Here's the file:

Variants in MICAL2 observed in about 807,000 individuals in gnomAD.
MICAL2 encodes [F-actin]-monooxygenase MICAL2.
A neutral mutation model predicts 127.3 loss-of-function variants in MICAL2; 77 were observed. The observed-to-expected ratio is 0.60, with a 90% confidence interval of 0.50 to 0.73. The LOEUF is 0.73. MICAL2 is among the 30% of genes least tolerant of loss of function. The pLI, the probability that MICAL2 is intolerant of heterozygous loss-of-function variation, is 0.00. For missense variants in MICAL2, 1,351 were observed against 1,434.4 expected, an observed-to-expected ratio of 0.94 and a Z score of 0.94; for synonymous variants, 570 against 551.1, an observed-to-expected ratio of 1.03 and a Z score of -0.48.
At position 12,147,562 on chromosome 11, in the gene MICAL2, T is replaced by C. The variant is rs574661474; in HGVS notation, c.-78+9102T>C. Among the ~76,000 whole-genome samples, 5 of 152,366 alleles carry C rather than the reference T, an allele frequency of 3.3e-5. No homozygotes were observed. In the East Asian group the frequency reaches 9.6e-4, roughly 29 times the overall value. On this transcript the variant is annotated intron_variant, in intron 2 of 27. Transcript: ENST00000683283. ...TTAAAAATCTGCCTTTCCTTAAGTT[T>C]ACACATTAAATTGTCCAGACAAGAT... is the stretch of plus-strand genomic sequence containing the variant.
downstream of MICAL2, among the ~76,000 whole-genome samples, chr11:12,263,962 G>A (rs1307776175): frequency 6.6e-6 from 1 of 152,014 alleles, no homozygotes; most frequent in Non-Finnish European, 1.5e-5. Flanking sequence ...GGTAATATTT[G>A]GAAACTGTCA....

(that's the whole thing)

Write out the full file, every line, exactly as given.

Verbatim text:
Variants in MICAL2 observed in about 807,000 individuals in gnomAD.
MICAL2 encodes [F-actin]-monooxygenase MICAL2.
A neutral mutation model predicts 127.3 loss-of-function variants in MICAL2; 77 were observed. The observed-to-expected ratio is 0.60, with a 90% confidence interval of 0.50 to 0.73. The LOEUF is 0.73. MICAL2 is among the 30% of genes least tolerant of loss of function. The pLI, the probability that MICAL2 is intolerant of heterozygous loss-of-function variation, is 0.00. For missense variants in MICAL2, 1,351 were observed against 1,434.4 expected, an observed-to-expected ratio of 0.94 and a Z score of 0.94; for synonymous variants, 570 against 551.1, an observed-to-expected ratio of 1.03 and a Z score of -0.48.
At position 12,147,562 on chromosome 11, in the gene MICAL2, T is replaced by C. The variant is rs574661474; in HGVS notation, c.-78+9102T>C. Among the ~76,000 whole-genome samples, 5 of 152,366 alleles carry C rather than the reference T, an allele frequency of 3.3e-5. No homozygotes were observed. In the East Asian group the frequency reaches 9.6e-4, roughly 29 times the overall value. On this transcript the variant is annotated intron_variant, in intron 2 of 27. Transcript: ENST00000683283. ...TTAAAAATCTGCCTTTCCTTAAGTT[T>C]ACACATTAAATTGTCCAGACAAGAT... is the stretch of plus-strand genomic sequence containing the variant.
downstream of MICAL2, among the ~76,000 whole-genome samples, chr11:12,263,962 G>A (rs1307776175): frequency 6.6e-6 from 1 of 152,014 alleles, no homozygotes; most frequent in Non-Finnish European, 1.5e-5. Flanking sequence ...GGTAATATTT[G>A]GAAACTGTCA....